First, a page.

BAR HARBOR—Racism in the U.S. has existed since the colonial era and has involved practices that restricted the political, personal and economic freedoms of African Americans. While racial discrimination was largely denounced by the mid-20th century, extensive evidence of racial discrimination in various sectors of modern U.S. society, including criminal justice, education, business, the economy, housing, health care and media, still exists.
Among the current overt efforts to limit the rights and opportunities of Black Americans are symbols designed to remind and frighten those citizens of the physical and psychic offenses administered to them and their forebears. Confederate flags, monuments honoring rebel leaders, and the names of several military bases honoring southern officers are now under attack.
Fred Benson, Seth Singleton and Nat Fenton will address the points of view surrounding these relics during a virtual talk with the Jesup Memorial Library on Tuesday, July 14, at 7 p.m.
Benson will present brief histories of how and why 10 U.S. Army installations were named for Confederate generals, and describe why some oppose removing them on historical grounds. Singleton will look at how others have tried to confront the sins and symbols of their history, and why historical ghosts are never quite laid to rest, with tales from Russia, Vietnam, China and South Africa. And Fenton will make the case that these intimidating relics must be removed from public lands. They must be removed not to hide history but to create our own history consistent with our centuries-old self-evident truth “that all Men are created equal.”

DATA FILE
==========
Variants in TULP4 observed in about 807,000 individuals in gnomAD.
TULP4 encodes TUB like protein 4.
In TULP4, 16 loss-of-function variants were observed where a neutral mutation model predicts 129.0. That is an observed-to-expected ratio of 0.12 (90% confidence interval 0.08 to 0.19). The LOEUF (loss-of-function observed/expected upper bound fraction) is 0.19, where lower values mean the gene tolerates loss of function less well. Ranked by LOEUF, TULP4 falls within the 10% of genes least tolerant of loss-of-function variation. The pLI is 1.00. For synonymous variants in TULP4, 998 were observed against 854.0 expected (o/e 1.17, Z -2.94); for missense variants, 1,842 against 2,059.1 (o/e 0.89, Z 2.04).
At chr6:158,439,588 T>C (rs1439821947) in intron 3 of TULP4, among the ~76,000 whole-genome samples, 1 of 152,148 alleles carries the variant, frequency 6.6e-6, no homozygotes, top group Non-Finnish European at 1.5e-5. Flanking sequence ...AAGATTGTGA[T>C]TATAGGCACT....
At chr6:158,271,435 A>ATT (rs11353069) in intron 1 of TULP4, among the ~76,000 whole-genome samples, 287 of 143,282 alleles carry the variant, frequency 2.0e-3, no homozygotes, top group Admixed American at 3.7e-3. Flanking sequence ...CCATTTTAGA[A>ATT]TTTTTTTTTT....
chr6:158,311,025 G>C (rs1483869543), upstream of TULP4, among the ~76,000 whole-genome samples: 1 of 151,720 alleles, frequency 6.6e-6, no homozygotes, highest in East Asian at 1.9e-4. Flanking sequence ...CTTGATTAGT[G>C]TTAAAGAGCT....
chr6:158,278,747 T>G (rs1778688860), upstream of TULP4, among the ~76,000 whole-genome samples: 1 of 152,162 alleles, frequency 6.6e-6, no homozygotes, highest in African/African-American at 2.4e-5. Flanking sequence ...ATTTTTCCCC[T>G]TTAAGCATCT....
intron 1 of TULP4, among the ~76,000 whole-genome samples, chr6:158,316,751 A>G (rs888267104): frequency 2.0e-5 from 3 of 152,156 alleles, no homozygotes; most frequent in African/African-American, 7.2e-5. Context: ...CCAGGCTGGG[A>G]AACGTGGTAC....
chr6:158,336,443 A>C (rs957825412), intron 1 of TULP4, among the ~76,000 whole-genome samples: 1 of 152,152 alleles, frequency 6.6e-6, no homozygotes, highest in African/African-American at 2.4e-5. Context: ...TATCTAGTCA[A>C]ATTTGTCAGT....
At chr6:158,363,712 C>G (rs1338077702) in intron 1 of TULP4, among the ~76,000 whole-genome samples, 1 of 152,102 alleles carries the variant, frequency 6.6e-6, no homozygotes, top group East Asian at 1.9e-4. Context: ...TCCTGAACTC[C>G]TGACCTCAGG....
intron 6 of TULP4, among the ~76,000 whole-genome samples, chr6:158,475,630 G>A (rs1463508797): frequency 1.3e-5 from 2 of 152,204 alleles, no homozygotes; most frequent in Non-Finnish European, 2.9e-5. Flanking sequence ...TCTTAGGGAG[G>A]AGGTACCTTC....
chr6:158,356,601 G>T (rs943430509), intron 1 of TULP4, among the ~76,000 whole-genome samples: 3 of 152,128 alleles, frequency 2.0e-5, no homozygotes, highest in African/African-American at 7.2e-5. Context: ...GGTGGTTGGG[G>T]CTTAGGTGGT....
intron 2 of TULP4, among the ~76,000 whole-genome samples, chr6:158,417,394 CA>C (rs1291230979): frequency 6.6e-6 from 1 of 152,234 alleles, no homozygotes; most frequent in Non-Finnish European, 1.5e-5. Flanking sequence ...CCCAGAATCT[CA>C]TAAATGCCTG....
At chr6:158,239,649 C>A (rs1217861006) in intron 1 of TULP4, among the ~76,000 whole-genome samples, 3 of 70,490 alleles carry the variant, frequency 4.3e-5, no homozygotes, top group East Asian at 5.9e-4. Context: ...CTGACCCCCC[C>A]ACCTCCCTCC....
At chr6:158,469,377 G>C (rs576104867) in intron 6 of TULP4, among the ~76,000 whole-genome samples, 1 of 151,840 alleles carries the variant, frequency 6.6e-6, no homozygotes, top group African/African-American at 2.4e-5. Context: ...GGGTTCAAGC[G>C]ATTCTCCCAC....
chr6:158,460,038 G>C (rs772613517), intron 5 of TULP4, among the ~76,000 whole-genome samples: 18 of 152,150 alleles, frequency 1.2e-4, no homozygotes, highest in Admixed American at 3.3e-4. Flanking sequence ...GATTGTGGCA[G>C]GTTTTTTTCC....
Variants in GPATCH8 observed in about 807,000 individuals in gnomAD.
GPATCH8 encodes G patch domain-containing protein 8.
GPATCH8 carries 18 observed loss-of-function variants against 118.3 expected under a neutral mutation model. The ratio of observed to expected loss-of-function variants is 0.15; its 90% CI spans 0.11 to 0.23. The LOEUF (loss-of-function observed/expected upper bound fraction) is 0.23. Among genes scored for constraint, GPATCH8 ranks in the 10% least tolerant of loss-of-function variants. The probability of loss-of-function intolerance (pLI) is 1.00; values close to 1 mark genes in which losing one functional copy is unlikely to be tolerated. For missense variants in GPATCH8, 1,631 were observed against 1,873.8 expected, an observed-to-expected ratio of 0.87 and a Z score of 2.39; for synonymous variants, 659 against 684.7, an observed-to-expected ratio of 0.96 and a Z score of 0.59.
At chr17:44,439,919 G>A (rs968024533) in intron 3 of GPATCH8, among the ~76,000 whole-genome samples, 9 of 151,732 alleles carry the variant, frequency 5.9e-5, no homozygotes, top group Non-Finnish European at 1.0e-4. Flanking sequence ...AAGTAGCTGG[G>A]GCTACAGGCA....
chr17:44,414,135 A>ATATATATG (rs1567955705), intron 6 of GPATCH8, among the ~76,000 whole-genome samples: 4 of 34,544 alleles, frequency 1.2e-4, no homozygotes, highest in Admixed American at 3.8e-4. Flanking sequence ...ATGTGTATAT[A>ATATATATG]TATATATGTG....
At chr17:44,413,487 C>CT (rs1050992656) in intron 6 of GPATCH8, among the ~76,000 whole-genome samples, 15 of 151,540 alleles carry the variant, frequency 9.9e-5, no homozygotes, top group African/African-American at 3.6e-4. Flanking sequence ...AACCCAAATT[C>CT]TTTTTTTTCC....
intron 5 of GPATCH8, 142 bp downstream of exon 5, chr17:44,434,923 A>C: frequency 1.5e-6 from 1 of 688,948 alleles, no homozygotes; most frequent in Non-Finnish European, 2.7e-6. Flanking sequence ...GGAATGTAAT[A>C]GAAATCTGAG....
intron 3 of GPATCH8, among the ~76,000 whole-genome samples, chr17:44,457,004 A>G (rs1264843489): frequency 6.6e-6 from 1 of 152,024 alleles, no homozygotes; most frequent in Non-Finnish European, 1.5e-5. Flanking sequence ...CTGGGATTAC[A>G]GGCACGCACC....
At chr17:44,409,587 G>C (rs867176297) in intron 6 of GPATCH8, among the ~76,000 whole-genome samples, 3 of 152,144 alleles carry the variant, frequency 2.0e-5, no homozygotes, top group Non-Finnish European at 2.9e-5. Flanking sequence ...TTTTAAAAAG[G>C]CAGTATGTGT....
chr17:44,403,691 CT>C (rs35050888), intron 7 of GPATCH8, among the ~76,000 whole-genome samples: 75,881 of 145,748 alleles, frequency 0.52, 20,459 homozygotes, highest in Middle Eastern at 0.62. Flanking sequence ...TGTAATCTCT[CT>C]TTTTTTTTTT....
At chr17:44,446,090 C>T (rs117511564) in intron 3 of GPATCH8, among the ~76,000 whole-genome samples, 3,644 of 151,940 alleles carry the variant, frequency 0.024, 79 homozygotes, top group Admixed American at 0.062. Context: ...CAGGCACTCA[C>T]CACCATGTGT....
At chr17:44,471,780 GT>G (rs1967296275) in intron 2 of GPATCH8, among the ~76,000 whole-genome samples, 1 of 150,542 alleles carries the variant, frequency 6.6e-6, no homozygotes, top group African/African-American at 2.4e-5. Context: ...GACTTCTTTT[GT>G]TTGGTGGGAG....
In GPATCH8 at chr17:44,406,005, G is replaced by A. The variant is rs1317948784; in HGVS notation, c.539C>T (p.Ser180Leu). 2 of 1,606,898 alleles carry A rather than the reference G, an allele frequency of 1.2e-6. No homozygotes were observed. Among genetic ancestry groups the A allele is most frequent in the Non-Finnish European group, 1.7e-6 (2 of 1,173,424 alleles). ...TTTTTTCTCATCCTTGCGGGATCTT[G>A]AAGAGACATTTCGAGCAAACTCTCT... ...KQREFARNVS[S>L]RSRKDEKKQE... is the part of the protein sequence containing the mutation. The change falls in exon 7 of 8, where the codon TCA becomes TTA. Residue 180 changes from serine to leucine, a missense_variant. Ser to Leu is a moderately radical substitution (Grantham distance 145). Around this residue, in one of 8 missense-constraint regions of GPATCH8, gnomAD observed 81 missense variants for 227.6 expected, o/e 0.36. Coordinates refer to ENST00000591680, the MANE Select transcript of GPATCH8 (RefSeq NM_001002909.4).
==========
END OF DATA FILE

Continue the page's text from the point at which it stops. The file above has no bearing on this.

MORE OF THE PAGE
Benson has been engaged in national and international government affairs activities in the White House, the Pentagon and with Weyerhaeuser Company. He also served in the U.S. Army with responsibilities including senior positions in the offices of the Secretary of Defense and the Secretary of the Army as well as aviation and ground command assignments in Korea, Vietnam and Alaska. He was selected as a White House Fellow and subsequently served as a member of the President’s Commission on White House Fellowships for Presidents George H.W. Bush and Bill Clinton.
Singleton is professor of international relations, most recently at the University of Maine. He studied Russian history at Harvard and political science at Yale. He lived in Russia during its revolutionary upheaval in 1991 and 1992, in Tanzania shortly after its independence and in Vietnam as one of the first postwar U.S. Fulbright Scholars, in 1999-2000.
Fenton was educated in Bar Harbor elementary schools, St. Mark’s School, Bowdoin College and Cornell University Law School. He came back to Bar Harbor and practiced law from 1972 to 2019.